IvI HYMNS OF THE ATHARVA-VEDA.
tion of the sacrifice (ya^;7asa;«tatyai vedam eka;;z /^'atur- vidham), mentioning them by name in the sequel. At VI, 6, 19 figures the atharvahgirasa veda. Also, the Matsya- purawa, as quoted by Saya;^a in the introduction to the AV., p. 6, orders that the purohita shall compass the Mantras and the Brahma/^a of the AV. ; and the Mar- ka;^(^eya-pura;/a claims that the king consecrated with the Mantras of the AV. enjoys the earth and the ocean ; see Sayawa, ibid.
In the 6"ainist Siddhanta, fifth anga (bhagavati), I, 441 ;
II, 246-7 ; upahga, I, 76 ; X, 3, the scope of Vedic or
Brahmanical literature is stated as riuveda,
the 6'aina ^a^veda, samaveda, ahavva/zaveda (athav-
and Bauddha va;/a-), itihasapaw/^ama?« . . . ; see Weber,
writings. /^ 1 1 J
Verzeichniss der Sanskrit- und Prakrit-Hand- schriften, II, 423-4; and Ind. Stud. XVI, pp. 238, 304, 379, 423, 474 ^ According to Weber, ibid., p. 237, the Siddhanta is to be placed between the second and fifth centuries of our era. This mode of describing the Vedic literature we found above to prevail from the time of the 5at. Br. to the Mahabharata. In the Sutrakrztahga-sutra II, 27 (see Jacobi's translation, Sacred Books, vol. xlv, p. 366) the incantations of the Atharvan (atharva;n) are naturally spoken of in condemnatory language.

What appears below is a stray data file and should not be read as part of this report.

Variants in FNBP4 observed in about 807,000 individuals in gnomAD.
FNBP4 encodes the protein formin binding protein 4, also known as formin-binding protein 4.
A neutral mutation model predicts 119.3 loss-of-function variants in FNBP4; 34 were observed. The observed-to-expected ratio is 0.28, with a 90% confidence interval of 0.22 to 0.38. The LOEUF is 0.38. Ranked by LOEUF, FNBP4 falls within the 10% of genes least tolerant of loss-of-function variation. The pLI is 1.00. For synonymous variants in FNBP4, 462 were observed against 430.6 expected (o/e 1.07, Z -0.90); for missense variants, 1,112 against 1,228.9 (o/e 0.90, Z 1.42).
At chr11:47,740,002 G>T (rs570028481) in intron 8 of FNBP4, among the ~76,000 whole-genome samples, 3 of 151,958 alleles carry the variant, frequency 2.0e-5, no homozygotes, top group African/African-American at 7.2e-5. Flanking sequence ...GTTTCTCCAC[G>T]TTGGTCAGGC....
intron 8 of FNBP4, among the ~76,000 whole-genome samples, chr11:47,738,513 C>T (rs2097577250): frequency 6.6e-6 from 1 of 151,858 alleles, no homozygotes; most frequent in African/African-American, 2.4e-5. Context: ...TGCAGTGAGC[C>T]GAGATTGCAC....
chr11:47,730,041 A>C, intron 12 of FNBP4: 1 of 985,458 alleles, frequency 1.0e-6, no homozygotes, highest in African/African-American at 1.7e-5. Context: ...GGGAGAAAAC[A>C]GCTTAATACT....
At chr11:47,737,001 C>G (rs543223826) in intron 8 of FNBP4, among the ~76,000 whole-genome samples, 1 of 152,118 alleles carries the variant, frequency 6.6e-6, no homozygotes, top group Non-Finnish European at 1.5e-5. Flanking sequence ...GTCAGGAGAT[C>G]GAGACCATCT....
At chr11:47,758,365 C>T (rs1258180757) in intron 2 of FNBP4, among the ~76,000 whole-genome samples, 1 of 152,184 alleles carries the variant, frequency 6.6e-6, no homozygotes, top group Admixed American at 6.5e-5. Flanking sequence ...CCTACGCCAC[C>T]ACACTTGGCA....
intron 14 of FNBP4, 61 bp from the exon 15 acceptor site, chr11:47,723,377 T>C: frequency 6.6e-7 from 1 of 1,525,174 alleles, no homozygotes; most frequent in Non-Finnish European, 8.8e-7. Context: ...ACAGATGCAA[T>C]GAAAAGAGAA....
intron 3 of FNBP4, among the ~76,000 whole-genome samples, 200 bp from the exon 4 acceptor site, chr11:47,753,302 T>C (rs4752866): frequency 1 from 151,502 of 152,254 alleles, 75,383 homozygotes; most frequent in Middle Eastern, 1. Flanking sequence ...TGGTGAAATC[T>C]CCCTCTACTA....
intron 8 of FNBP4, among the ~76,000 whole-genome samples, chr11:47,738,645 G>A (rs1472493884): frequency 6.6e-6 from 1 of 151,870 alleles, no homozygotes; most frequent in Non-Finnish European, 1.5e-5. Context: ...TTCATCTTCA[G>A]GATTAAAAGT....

As specimens of the view of the Buddhist writings we may quote the A////akavagga 14, 13 of the Sutta-nipata (Fausboll's translation, Sacred Books, vol. x, part ii, p. 176), where the practice of the Athabba;/a-veda is forbidden. To the condemnation of practices essentially Atharvanic in character is devoted the Maha Sila?;^, in the second chapter of the Tevi^a-sutta ; see Rhys Davids' translation in the Sacred Books, vol. xi, pp. 196-200, similarly the Vinaya, Kullavagga V, 32, 2, ibid., vol. xx, p. 152.
^ Cf. also Kalpa-sutra, in Jacobi's translation, Sacred Books, vol. xxii, p. 221.